So I had an evening to myself and a copy of the Brink of Battle universal skirmish rules to try out – a small solo game was on the cards! While I had plenty of miniatures to game with, I lacked scenery (apart from a few scratch built walls) and a gaming table, so the floor would suffice.
But where in Herefordshire could this flat, featureless terrain represent? Why, the Lugg Flats of course!
The Lugg Meadows
Known locally as the Lugg Flats, the Lugg Meadows are a rare example of the ancient Lammas Meadow system. Lying on the River Lugg flood plain along the eastern flank of Hereford, these meadows are enriched with silt from the river during the flood season, allowing the growth of a particularly diverse flora which in turn makes for high quality hay.
Ownership of the meadows are split between various interested parties, ranging from local farmers to the Church, and the land is parcelled into strips or irregular shapes, with the boundaries of each area demarcated by ‘dole stones’ - pillars of stone set in the ground and carrying initials and dates of ownership carved upon them. This system of tenure has existed for centuries, avoiding the enclosure act.
Each year, from February 2nd (Candlemas) to August 1st (Lammas) the meadows are closed or 'shut up for hay', with no grazing permitted. Each owner takes his own crop of hay from his holding, and then the meadows are thrown open for communal grazing by livestock owned by ‘commoners’ living in the local area.
VBCW skirmish background
As mentioned above, some of the meadow is owned by the Church, but with the Bishop of Hereford gone, the local royalist authority has begun to cast coveting glances at the land. They are also keen to fall in with Prime Minister Mosley’s theories on the corporate state and the need to modernise British agriculture. Surely, they reason, such an archaic system such as the Lammas Meadow is an anathema to a forward looking 20th century nation?
As such the Bishop’s Lugg Meadow holdings have been confiscated in the name of the government and a brick wall is being built around the various parcels, swallowing up any intervening land (the owners receiving a paltry compensation). This new ‘enclosure’ has enraged the local farming community, and night-time demolition raids have taken place.
Reports of local lads, disguised as scarecrows and obviously influenced by the Twiggy Mommet protest movement, knocking down parts of the hastily built walls are widespread, and so the local constabulary has been tasked with patrolling the area. They are armed, but then again, so are the protestors…
With the main aim being to get to grips with the basic Brink of Battle rule mechanism, this was going to be a small-scale affair, with a standard force of 5 policemen defending the partially built walls against a horde of 10 ‘scarecrows’. The BoB rules allow a maximum of 500 supply points; determined by the number and quality (combat, command and constitution ratings) of troops, their weapons and traits; for small games, but I only ended up spending 200-300.
Force compositions were as follows:-
CBT 4 / CMD 5 / CON 4
Traits: Commander, Hardened
Gear: Revolver. Truncheon (counts as club)
CBT 4 / CMD 4 / CON 4
Traits: Burly, Stoic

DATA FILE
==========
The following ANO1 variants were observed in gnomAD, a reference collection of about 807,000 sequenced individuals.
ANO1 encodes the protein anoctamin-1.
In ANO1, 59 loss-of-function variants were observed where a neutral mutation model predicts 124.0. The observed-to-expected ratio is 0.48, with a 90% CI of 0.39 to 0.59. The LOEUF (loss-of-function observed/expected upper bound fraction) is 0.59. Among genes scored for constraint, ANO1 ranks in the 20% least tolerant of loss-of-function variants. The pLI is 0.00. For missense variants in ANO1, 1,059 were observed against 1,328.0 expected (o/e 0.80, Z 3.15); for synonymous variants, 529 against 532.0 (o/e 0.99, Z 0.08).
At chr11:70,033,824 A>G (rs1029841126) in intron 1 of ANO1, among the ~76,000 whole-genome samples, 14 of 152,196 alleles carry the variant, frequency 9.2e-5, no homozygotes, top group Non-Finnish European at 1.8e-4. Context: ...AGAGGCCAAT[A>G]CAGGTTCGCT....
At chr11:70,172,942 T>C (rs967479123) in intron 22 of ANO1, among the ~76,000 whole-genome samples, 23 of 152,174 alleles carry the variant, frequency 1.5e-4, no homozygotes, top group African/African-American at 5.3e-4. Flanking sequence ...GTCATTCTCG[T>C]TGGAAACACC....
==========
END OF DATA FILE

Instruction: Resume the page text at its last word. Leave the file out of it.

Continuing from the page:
Gear: Revolver. Truncheon (counts as club)
Constables Muggins, Jones and Clott
CBT 3 / CMD / CON 3
Gear: Rifle. Truncheon (counts as club)
Total supply points 242
CBT 4 / CMD 4 / CON 5
Traits: Commander, Dirty b’stard, Savage aspect
Gear: Rifle. Totem
CBT 4 / CMD 3 / CON 5
Traits: Burly, Savage aspect
Scarecrows x 8
CBT 3 / CMD 2 / CON 5
Traits: Savage aspect
Gear: Improvised weapon
Total supply points 306
The scarecrows had to drive off the police, the police had to defend the area from attack.
Round 1 - Police get the edge, but scarecrows play the ’break’ (losing the initiative gives you this option to break the sequence) and the commander moves and fires first, causing no damage. One of the constables returns fire, but his rifle jams. Three more scarecrows advance on the patrol, which moves to meet the challenge. Firing on both sides is desultory, although one policeman is hit and shocked.
Round 2 - Police get the edge again. Scarecrows activate their 2 riflemen, and two new scarecrows. Once more they play the break and fire first, but to no effect. The Police return fire and also miss. The Scarecrow veteran then fires, hitting and wounding a constable. All policemen within 3” must make a panic test. Two pass but the Inspector, made of less sterner stuff, fails and breaks.
Round 3 – Due to me leafing through the rules, the last 2 rounds have taken the best part of an hour, so time is running short. Therefore I decide to try a rout test (usually caused by a side having 25% casualties) on the Policemen…
The policemen flee the scene, leaving the scarecrows at liberty to demolish the walls. Will this force the authorities to rethink their policy, or will we see more skirmishes on the Lugg Flats?
Brink of Battle is a very nice set of rules. While at first glance they look rather complex (in common I think with a lot of skirmish rules) with the plethora of character and weapons traits, the basic mechanism of players rolling d10s against each other and adding the requisite CBT/CMD/CON value is easily picked up.
The use of action tokens, together with the ‘edge’ and ‘break’ factors, forces players to think tactically, while the detailed characteristics of each figure (working on a ‘what you see is what you get’ principle) adds character and variation to the game. However reference sheets and force rosters are essential, especially for new players!
I look forward to playing some more skirmishes, this time with a few more figures on each side, and exploring these rules further!